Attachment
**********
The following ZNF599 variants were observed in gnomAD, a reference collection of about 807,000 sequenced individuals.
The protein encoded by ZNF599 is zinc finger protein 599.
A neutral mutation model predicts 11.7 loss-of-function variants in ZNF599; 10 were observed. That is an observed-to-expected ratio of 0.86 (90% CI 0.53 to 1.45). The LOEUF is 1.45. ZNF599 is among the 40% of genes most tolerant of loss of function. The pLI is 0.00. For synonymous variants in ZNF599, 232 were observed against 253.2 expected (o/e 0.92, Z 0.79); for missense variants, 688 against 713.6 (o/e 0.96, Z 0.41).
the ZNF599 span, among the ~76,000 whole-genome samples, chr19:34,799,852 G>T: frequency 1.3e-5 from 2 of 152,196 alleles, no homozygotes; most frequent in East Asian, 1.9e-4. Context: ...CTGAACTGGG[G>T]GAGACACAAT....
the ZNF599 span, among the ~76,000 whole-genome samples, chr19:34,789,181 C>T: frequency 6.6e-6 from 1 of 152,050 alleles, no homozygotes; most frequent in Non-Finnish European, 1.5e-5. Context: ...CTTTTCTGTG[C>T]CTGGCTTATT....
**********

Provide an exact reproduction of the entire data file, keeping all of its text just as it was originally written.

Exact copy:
The following ZNF599 variants were observed in gnomAD, a reference collection of about 807,000 sequenced individuals.
The protein encoded by ZNF599 is zinc finger protein 599.
A neutral mutation model predicts 11.7 loss-of-function variants in ZNF599; 10 were observed. That is an observed-to-expected ratio of 0.86 (90% CI 0.53 to 1.45). The LOEUF is 1.45. ZNF599 is among the 40% of genes most tolerant of loss of function. The pLI is 0.00. For synonymous variants in ZNF599, 232 were observed against 253.2 expected (o/e 0.92, Z 0.79); for missense variants, 688 against 713.6 (o/e 0.96, Z 0.41).
the ZNF599 span, among the ~76,000 whole-genome samples, chr19:34,799,852 G>T: frequency 1.3e-5 from 2 of 152,196 alleles, no homozygotes; most frequent in East Asian, 1.9e-4. Context: ...CTGAACTGGG[G>T]GAGACACAAT....
the ZNF599 span, among the ~76,000 whole-genome samples, chr19:34,789,181 C>T: frequency 6.6e-6 from 1 of 152,050 alleles, no homozygotes; most frequent in Non-Finnish European, 1.5e-5. Context: ...CTTTTCTGTG[C>T]CTGGCTTATT....